Two days away=a world away! We spent two nights on the Columbia River at the beginning of this week. Our digs were deluxe, thanks to a gift from Eli and Amy to stay at the beautiful and hospitable Cannery Pier Hotel (NOT the place shown above!!) in Astoria, Oregon. Our perfect room overlooking the mighty river included a wine and cheese reception each afternoon, breakfast each morning, and 24 hour beverages and fruit bowl. We braved the late winter snow and hail storms to explore the steep streets of this historic salmon fishing and river port city where the remains of the old cannery piers rise from the river's edge like decayed totem poles. On our walk I took a photo of one stately but decrepit Victorian home belonging to Harry and Mary Louise Flavel, brother and
sister, great-grandchildren of the bar pilot and entrepreneur, Capt.
George Flavel, whose house is the most famous one in town:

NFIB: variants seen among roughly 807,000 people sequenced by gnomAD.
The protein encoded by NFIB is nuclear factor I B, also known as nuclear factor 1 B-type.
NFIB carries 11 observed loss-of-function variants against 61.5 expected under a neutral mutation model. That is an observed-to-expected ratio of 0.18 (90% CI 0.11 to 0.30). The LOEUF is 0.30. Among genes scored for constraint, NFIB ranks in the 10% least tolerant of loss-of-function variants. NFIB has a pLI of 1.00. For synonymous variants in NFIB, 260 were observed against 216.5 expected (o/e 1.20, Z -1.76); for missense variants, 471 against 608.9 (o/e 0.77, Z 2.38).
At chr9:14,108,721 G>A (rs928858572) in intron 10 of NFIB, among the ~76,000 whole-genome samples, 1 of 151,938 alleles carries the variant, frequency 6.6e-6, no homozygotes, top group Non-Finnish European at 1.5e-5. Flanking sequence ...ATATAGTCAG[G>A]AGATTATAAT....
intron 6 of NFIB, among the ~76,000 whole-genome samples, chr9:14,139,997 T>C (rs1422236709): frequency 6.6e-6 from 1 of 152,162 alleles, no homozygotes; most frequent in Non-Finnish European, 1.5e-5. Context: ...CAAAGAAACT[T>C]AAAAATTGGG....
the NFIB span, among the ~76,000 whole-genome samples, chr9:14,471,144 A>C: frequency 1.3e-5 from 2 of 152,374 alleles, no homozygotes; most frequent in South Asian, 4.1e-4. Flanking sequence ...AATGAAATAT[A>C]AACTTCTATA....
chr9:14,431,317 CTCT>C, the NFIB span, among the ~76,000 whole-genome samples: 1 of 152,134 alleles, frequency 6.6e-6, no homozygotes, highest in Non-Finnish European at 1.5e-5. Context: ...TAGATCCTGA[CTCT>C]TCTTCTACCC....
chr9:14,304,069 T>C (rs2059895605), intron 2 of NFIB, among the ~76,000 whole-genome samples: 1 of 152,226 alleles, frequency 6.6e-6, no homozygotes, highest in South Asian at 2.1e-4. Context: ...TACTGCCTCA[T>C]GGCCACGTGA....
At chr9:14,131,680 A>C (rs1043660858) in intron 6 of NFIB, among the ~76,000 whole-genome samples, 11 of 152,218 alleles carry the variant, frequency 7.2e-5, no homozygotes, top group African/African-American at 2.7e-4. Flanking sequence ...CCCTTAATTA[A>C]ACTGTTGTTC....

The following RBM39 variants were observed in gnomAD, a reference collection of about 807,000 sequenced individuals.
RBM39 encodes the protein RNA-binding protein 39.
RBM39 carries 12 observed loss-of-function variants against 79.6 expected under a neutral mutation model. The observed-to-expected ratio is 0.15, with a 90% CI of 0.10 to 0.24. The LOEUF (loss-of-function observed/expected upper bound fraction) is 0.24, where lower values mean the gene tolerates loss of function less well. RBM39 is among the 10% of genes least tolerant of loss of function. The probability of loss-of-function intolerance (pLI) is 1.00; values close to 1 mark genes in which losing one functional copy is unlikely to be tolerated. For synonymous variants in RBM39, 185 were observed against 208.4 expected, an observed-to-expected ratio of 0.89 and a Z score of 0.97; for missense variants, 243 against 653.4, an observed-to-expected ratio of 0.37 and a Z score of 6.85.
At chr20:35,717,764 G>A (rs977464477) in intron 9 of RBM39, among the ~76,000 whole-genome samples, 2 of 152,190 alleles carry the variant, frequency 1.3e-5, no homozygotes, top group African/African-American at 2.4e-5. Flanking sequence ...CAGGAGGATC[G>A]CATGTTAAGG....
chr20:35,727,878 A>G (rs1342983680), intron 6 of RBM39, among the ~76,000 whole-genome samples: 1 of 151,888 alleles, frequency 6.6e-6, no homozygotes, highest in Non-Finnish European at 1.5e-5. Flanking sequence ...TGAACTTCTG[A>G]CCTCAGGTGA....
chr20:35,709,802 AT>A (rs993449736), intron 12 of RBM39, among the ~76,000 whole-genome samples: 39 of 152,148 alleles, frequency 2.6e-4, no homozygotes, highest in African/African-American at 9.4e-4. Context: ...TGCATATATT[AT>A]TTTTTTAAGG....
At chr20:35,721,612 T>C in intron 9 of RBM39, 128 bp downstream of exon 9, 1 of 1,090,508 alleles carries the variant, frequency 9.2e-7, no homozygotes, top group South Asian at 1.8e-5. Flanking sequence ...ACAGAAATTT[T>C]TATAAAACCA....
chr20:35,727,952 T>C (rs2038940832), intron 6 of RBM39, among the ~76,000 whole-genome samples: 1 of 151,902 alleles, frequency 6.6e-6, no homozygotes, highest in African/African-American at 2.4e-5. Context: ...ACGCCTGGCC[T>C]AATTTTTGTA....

A hearty thank you goes to Elleda Wilson, an Astoria photographer (www.astoria-photografpix.com) and history buff, for finding my original blog post and writing to tell me who owns the old, empty house and for sending the full story of the legendary Flavel family! And thanks to inquisitive friend Marilyn for her full search for details on the house and its famous residents.
The abandoned house is in striking contrast to the beautifully restored Flavel House museum. The photo of the abandoned house inspired me to create a PhotoShop-facilitated collage. Above you see the layered image, and below, the original images I used to create it.
The house image was used twice, once as the straight photo, and once as a filtered photo. I placed the layers, adjusted the opacity of each, used a couple of filters on one of the house image layers (ink lines and poster edges). I erased parts of the map layer so that the house had some brighter white areas coming through on its siding. The center image above was taken of an ivy-etched concrete wall up the street from the old Victorian. After the images were manipulated, I added some handwritten notes for texture on the dominant house layer using my Wacom Tablet. The map image was scanned from an 1895 atlas page.
(Today the counter for this website exceeded 5000 lifetime views. Thanks for reading!)